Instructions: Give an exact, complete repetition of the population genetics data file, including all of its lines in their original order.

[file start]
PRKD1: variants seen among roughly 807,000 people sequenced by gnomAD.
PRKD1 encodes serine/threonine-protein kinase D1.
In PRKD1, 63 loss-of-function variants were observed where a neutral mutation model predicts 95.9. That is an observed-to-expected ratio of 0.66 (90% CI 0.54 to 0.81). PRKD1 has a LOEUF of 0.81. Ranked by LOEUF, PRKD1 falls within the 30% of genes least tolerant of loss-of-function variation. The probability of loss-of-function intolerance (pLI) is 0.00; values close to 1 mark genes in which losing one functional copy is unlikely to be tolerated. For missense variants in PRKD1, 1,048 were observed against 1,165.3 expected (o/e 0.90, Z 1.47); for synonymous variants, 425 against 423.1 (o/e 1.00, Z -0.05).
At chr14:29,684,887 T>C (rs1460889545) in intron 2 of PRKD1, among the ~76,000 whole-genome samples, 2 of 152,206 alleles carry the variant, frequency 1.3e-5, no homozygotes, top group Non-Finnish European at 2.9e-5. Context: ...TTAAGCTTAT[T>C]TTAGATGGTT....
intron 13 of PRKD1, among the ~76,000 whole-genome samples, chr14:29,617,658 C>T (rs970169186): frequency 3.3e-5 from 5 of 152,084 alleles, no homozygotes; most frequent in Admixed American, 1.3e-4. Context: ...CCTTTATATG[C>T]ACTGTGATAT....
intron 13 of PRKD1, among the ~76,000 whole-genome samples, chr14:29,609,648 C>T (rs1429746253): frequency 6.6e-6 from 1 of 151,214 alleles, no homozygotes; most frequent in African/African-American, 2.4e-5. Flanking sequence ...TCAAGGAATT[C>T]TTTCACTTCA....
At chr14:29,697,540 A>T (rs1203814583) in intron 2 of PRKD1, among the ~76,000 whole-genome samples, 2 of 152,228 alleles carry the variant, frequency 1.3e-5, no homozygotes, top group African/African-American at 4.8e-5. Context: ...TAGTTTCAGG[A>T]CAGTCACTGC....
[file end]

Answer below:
PRKD1: variants seen among roughly 807,000 people sequenced by gnomAD.
PRKD1 encodes serine/threonine-protein kinase D1.
In PRKD1, 63 loss-of-function variants were observed where a neutral mutation model predicts 95.9. That is an observed-to-expected ratio of 0.66 (90% CI 0.54 to 0.81). PRKD1 has a LOEUF of 0.81. Ranked by LOEUF, PRKD1 falls within the 30% of genes least tolerant of loss-of-function variation. The probability of loss-of-function intolerance (pLI) is 0.00; values close to 1 mark genes in which losing one functional copy is unlikely to be tolerated. For missense variants in PRKD1, 1,048 were observed against 1,165.3 expected (o/e 0.90, Z 1.47); for synonymous variants, 425 against 423.1 (o/e 1.00, Z -0.05).
At chr14:29,684,887 T>C (rs1460889545) in intron 2 of PRKD1, among the ~76,000 whole-genome samples, 2 of 152,206 alleles carry the variant, frequency 1.3e-5, no homozygotes, top group Non-Finnish European at 2.9e-5. Context: ...TTAAGCTTAT[T>C]TTAGATGGTT....
intron 13 of PRKD1, among the ~76,000 whole-genome samples, chr14:29,617,658 C>T (rs970169186): frequency 3.3e-5 from 5 of 152,084 alleles, no homozygotes; most frequent in Admixed American, 1.3e-4. Context: ...CCTTTATATG[C>T]ACTGTGATAT....
intron 13 of PRKD1, among the ~76,000 whole-genome samples, chr14:29,609,648 C>T (rs1429746253): frequency 6.6e-6 from 1 of 151,214 alleles, no homozygotes; most frequent in African/African-American, 2.4e-5. Flanking sequence ...TCAAGGAATT[C>T]TTTCACTTCA....
At chr14:29,697,540 A>T (rs1203814583) in intron 2 of PRKD1, among the ~76,000 whole-genome samples, 2 of 152,228 alleles carry the variant, frequency 1.3e-5, no homozygotes, top group African/African-American at 4.8e-5. Context: ...TAGTTTCAGG[A>T]CAGTCACTGC....